Building Name

Town Hall Wolverhampton

1869 - 1871
Market Square
GMCA, England
New build

Situated in North Street, directly opposite the Civic Centre, the building which now houses the Law Courts was originally constructed as a replacement for the old Town Hall (built in 1687) which had been demolished. The official opening of the new Town Hall, on 19 October 1871, is commemorated by a statue of George Thorneycroft, Wolverhampton's first Mayor, which stands in the main entrance hall.  The Town Hall formed the front of a larger complex, extending from North Street to Red Lion Street, which included the main Fire station and the main Police station. Thus, the tangible symbols of authority were fairly centrally placed in Victorian Wolverhampton. As the town grew in prestige, some show of municipal importance was deemed necessary. The usual symbol was a Town Hall. Wolverhampton's present one was built in 1869 71, by E. Bates, in the French renaissance "second empire" style, with flat Corinthian pillars on the frontage. The French style roof was added later, paid for by Phillip Horsman. This replaced an earlier Town Hall, built in 1856, which was of a very standard classical design. By the time the present Town Hall was built the Victorians had tired of plain classicism for their public buildings and looked for something more interesting   Second Empire resulted from the combination of French renaissance architecture with standard classicism.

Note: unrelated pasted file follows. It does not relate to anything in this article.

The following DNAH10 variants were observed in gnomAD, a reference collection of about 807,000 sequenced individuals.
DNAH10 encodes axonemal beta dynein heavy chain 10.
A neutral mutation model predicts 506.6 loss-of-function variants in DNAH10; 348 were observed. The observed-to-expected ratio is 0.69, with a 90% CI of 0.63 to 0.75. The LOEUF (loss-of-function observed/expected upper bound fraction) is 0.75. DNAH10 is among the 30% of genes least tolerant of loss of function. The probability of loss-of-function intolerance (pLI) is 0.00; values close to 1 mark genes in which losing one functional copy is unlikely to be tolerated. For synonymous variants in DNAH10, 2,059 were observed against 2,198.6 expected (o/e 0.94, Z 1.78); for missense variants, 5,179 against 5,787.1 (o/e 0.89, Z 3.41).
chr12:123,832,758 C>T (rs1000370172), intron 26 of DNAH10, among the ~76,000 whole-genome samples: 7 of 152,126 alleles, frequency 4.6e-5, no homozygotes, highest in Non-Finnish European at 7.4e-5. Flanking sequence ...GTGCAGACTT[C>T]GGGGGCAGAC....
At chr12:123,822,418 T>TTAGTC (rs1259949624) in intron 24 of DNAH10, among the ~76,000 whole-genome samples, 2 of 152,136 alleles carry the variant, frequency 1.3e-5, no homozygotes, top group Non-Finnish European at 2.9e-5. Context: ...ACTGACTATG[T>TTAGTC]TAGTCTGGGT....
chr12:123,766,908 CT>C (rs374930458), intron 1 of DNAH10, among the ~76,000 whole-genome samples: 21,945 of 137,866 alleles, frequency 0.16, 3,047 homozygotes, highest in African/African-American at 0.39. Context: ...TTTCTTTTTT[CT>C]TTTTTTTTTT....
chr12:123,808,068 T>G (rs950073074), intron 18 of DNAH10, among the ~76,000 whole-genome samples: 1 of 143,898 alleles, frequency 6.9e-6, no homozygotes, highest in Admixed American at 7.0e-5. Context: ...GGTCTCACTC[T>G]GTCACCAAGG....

The Law Courts is a symmetrical two storey building constructed in the French Renaissance style with a sandstone facade and rusticated plinth. Above the plinth an the ground floor are fourteen bay windows divided by eight flat Corinthian pilasters which also divide the windows on the top floor. At the centre of the facade is the main entrance which has a window above it.In the centre of the balustrade which runs along the top of the facade is a clock tower and clock which are both part of the original building. The clock was purchased around 1870 for ,8 -10s-0d. From the centre of the slate roof, and immediately behind the clock tower, a truncated curved slate roof projects upwards. On either side of this, at both ends of the facade, two similar but smaller flat roofs can also be seen. All three roof tops are decorated in wrought iron. The initial idea for the construction of a new Town Hall was put forward by Henry Hartley Fowler (later Lord Wolverhampton and the father of the novelist Ellen Thorneycroft Fowler) in 1865. The decision to proceed was taken at a Council meeting in 1869 after a proposal by Alderman Walker seconded by Alderman Hawksford. The building was designed by Ernest Bates of Manchester, and constructed by Philip Horsman of Wolverhampton. As the seat of the Council, the Town Hall originally contained a Council Chamber, which was used for the Authority's Council meetings, large rooms for committee meetings, Members rooms and a Mayoral suite with Reception Room. Also housed in the Town Hall were a Sessions Court, Borough Magistrates Court, offices for the Department of Chief Officials and rooms for the Recorder, Magistrates Clerk and witnesses. Detention cells, where defendants could be kept before facing the Courts, were situated beneath the buildings. The rear of the Town Hall, in conjunction with the nearby Police offices and Fire Station, surrounded a large courtyard.


Reference    Manchester Guardian Thursday 18 March 1869 Page 8(Contracts)
Reference    Manchester Guardian Tuesday 23 March 1869 Page 3(Contracts)
Reference    Manchester Guardian Saturday 27 March 1869 Page 2 (Contracts)
Reference    Builder 28 October 1871 page 844 (opening)